Early voting starts Wednesday in West Virginia's special election for a short-term temporary governor. It's an odd event: a rare two-person election (or five, if you count three fringe aspirants). The winner on Oct. 4 will serve only briefly, until next year's regular election.
Acting incumbent Earl Ray Tomblin is the obvious choice to continue in the office he already fills. State government has functioned smoothly during the months he has occupied the governor's chair as an unelected stopgap. There's no reason to cause temporary upheaval by replacing him for the interim year.
Tomblin is an experienced veteran of government service. Logan County voters sent him to the House of Delegates three times in the 1970s, and to the state Senate repeatedly ever since. In 1995, he began his tenure as the longest-serving Senate president in state history. He was the first West Virginian ever chosen to head the National Council of State Governments.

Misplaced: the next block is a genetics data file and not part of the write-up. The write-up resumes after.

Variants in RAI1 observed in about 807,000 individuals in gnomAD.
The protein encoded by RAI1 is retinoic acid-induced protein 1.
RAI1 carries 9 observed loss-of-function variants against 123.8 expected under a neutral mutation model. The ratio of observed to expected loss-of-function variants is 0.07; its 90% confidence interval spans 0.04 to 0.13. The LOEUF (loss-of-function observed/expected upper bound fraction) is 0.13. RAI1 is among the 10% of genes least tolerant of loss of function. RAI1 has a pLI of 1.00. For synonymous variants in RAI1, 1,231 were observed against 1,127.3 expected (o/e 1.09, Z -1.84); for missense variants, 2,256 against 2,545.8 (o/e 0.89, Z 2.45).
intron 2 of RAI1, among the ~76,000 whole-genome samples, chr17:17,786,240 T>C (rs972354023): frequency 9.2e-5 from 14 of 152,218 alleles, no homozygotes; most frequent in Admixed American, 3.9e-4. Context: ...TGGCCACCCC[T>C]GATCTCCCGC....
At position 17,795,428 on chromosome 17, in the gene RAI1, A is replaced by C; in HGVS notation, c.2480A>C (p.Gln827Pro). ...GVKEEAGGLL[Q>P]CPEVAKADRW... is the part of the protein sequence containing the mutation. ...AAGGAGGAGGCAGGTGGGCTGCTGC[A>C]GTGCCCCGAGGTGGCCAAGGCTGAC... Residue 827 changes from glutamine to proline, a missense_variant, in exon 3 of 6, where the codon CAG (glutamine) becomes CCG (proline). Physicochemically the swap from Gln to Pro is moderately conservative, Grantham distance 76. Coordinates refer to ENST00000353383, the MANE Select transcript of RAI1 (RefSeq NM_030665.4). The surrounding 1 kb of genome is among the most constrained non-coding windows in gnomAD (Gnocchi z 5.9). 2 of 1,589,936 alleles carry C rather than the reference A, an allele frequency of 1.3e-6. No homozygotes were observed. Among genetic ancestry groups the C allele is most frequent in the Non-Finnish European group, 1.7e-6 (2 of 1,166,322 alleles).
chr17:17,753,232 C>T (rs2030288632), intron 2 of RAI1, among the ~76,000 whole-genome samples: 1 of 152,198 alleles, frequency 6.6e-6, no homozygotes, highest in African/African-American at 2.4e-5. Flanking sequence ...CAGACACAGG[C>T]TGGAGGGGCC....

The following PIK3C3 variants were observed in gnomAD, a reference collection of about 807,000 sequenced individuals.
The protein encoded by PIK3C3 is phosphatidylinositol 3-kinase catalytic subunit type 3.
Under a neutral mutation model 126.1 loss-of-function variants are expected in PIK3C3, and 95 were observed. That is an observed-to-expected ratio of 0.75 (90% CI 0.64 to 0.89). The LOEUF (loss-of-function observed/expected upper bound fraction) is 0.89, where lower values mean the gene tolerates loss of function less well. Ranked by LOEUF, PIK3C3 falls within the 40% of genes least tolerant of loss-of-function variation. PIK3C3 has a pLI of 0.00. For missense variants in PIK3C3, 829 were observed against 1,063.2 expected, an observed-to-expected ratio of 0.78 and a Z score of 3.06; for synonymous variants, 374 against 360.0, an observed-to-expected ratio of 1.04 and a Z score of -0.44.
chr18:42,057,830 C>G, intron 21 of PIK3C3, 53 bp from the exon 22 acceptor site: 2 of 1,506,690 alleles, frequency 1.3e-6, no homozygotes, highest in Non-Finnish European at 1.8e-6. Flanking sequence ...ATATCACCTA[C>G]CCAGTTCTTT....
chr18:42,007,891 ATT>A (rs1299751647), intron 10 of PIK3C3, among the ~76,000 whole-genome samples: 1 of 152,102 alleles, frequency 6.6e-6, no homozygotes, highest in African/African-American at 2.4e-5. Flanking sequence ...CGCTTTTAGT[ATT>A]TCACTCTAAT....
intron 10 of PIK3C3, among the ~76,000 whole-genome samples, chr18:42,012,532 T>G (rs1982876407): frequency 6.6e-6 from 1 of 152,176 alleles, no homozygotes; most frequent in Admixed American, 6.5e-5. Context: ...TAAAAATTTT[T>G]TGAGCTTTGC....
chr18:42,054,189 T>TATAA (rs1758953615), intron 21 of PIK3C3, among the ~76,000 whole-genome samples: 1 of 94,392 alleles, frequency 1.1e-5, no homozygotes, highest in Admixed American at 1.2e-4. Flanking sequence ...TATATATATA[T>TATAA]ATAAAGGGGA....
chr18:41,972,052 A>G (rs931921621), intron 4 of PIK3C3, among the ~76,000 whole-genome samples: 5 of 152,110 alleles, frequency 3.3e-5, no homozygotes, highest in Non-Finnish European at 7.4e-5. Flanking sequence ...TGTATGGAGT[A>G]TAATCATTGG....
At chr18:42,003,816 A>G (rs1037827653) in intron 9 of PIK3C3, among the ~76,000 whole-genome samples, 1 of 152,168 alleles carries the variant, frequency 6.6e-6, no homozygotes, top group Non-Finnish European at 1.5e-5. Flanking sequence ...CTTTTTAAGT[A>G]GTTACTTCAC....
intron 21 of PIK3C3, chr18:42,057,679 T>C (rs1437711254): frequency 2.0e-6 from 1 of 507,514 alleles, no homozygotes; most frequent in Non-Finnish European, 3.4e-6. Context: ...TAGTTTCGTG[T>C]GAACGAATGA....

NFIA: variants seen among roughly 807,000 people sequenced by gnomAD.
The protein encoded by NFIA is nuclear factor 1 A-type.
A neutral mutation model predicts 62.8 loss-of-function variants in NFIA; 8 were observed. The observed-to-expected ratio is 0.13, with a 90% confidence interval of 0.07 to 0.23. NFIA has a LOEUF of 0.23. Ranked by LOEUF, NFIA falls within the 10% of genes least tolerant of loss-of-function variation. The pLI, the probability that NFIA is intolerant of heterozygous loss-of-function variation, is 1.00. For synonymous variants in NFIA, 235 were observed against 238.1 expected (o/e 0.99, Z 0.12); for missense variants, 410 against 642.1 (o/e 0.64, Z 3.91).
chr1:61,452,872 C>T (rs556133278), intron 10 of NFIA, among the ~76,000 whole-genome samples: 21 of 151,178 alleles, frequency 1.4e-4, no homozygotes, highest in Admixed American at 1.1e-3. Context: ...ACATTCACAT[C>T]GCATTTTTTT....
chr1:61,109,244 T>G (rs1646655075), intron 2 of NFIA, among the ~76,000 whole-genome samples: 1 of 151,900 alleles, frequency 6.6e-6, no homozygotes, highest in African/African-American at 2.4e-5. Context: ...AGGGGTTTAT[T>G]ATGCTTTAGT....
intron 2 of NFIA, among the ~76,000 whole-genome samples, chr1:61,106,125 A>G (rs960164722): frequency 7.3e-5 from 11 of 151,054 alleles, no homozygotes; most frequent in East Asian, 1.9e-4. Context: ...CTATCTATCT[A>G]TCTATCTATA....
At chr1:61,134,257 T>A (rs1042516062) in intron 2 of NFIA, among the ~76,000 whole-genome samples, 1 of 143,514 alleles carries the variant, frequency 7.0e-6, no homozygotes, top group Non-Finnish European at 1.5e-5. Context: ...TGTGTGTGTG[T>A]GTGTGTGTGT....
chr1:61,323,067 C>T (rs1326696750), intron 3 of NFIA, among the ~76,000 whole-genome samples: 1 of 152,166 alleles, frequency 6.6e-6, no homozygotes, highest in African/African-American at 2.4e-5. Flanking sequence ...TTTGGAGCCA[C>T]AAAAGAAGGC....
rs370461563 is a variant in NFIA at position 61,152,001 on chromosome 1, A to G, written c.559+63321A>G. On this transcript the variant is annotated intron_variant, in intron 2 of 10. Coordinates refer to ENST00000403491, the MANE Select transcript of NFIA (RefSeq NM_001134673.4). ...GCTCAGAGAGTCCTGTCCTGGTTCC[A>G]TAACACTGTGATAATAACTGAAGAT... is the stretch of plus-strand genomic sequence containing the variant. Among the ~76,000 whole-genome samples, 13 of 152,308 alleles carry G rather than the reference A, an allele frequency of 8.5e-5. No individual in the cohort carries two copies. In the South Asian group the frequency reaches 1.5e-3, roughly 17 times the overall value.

During his 16 years of leadership, West Virginia has made admirable strides in frugality and wise budgeting. Billions of state pension deficits were paid off. The bankrupt Workers Compensation system was privatized. Two months ago, the state government ended its fiscal year with a $330 million surplus -- making West Virginia the envy of many states that are in crisis after the Great Recession.
Tomblin holds a bachelor's degree from West Virginia University, plus a master's in business from Marshall University, and also attended the University of Charleston. He formerly was a schoolteacher and business executive.
Tomblin is reasonable and practical, able to work with all factions. He's endorsed by both worker-minded labor unions and the business-minded state Chamber of Commerce.
Although the chamber usually backs Republicans, it threw its support to Democrat Tomblin on grounds that he has a "solid record ... of experience, leadership and ability to work with the Legislature." The chamber president praised his "outstanding record of accomplishment."
In contrast, the GOP nominee for governor never has held any public office.
In May's special primary election, only 16 percent of West Virginia's 1.2 million registered voters bothered to vote. That's pathetic. Evidently, 84 percent of West Virginians didn't care who's governor. We hope better citizenship is displayed in the impending showdown.For all who care enough to vote, we recommend Tomblin be chosen for the one-year governorship until the 2012 election.